Last night’s Presidential primary debate to help determine who will represent the Party of No Guts this November was packaged less like a debate and more like a survey of how yet another oddly-scheduled event will compete with Americans’ other pressing downtime priorities like enjoying the MLK holiday weekend or watching the Critics’ Choice Awards. Since this odd scheduling contunues to happen, you’re left wondering if the PoNGs national committee is attempting to help one or more of the candidates through obscurity.
It also seemed to me that Presidential candidate, Senator Bernie Sanders, received the largest share of questions from debate moderators Lester Holt and Andrea Mitchell, which interrogated Sanders’ policy positions. In contrast, the most difficult questions tossed to Secretary Hillary Clinton, Sanders’ opponent, had more to do with her former boss, President Barack Obama.
To complete the backdrop for this political show, the debate was held in South Carolina — a state where President Obama has a 90 percent approval rating — and was hosted by the Congressional Black Caucus. Therefore, you could quickly predict that a political chameleon like Clinton was going to energetically name drop Obama as if she were asked to invoke the power of deities during a Santeria ceremony.
While I saw no big changes in this debate from the previous ones — okay, except for Sanders “clarifying” his gun control and healthcare reform thoughts — I also think the differences between Clinton and Sanders more clear than ever.
Secretary Clinton has positioned herself as an establishment candidate who wants to convince you that her Washington insider experience will drive the kind of pragmatic change America needs.
Sanders, on the other hand, says The Establishment’s integrity has been broken by the money of oligarchs, and that nothing short of a “political revolution” will drive change.
Clinton would counter with “Did you see how the Party of No Brains created a hostile political environment for President Obama when he proposed even the smallest change since 2009? Suggesting anything more radical would be foolhardy.”
To which Sanders may say “It’s even more foolish to think the oligarchs who run Washington today would be willing to compromise on the profits they make through Washington’s subsidies and absent regulatory oversight.”
Don’t call my next statement a political endorsement but while I understand both points points of view, I think Sanders makes more sense here.
I’ll even go further and say that another Clinton White House term will show us why big money and politics are as toxic as Draino and chlorine.
The Insider vs Policy Revolution points of view became obvious when the topic of Obamacare (a.k.a., Affordable Care Act) came up for discussion.
I don’t like ACA. For many reasons. It tries to reign in provider payouts while ignoring household costs. This is resulted in many families spending more on health insurance, including some retirees who have been pushed off their employee health plans and into more expensive exchanges.
Uh — thanks for that, President Obama.
Clinton had nothing but praise for Obamacare last night (ha, surprise).
Health insurance companies are intermediaries between you and your doctors, which makes the insurance premiums you pay a broker’s fee of sorts.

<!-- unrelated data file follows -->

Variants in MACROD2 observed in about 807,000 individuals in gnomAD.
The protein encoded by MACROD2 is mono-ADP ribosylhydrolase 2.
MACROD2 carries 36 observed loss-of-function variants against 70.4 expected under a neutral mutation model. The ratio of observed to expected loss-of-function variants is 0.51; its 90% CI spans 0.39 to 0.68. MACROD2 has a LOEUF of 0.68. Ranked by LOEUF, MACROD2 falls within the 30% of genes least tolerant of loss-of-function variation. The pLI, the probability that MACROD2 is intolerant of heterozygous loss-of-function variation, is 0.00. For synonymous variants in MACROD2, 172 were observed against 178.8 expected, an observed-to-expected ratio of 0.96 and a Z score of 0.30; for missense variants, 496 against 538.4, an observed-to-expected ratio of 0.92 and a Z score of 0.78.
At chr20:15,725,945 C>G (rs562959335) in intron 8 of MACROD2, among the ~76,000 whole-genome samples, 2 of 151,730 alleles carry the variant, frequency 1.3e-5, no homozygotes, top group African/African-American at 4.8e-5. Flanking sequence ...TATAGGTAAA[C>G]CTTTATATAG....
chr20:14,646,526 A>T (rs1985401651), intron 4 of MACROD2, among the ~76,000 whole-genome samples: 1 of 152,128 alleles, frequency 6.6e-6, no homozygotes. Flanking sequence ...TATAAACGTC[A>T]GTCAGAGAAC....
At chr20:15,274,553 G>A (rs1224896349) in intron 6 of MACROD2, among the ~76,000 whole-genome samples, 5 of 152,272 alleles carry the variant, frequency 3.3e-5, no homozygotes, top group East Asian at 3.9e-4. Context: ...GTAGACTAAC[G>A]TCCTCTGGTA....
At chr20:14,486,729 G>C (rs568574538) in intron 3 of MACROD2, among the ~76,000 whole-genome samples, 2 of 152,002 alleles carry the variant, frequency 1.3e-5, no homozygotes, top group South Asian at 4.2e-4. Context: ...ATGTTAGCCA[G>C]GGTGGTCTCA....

Clinton wants to keep the brokers in place while Sanders wants to get rid of them to radically drive down the costs of the system.
In other words, Sanders wants a bigger version of Medicare while Clinton — citing an uphill battle for radical change — wishes for a permutation of the status quo.
Clinton once again praised Obama’s leadership when she referred to the Dodd-Frank financial regulation bill as one of the most significant pieces of financial services legislation since Glass-Steagall. Dodd-Frank that leaves in place the socially dangerous Too Big to Fail paradigm, reckless Wall Street gambling as well as provisions to bail out the banks with taxpayer money in case of another financial meltdown.
Thanks again, President Obama.
Mind you, the Dodd-Frank praise comes from a candidate who has no interest in reinstating Glass-Steagall or any other measure which would once again separate investment and commercial banks.
It’s no secret that the Clinton family has a close relationship with bankers. Sanders reminded the South Carolina audience as much last night.
Clinton attempted to deflect that family history by telling us where the real financial danger lies – the shadow banking industry.
(Laughing) Apparently, we’ve been looking in the wrong place all this time!
I was initially surprised that Clinton can still sell that shadow banking bit without candidates Sanders or Governor Bill O’Malley calling her on that BS. I’ll save my detailed comments for a future post …
The debate moderators put pressure on Sanders by asking for more specificity regarding his health care plan — and I agree with those lines of questioning — but I saw no equivalent pressure on Clinton to explain how her policy thinking led to the current disasters we see in Libya, Syria and Iraq.
Of course such an explanation would have forced Clinton to throw Obama under the bus — something she could never do in a city whhere her former boss has a 90 percent approval rating.
Which makes me wonder again: why didn’t Holt and Mitchell press Clinton on Libya, Syria and Iraq?
I told you it was an odd night …
song currently stuck in my head: “miss movement” – chico hamilton quintet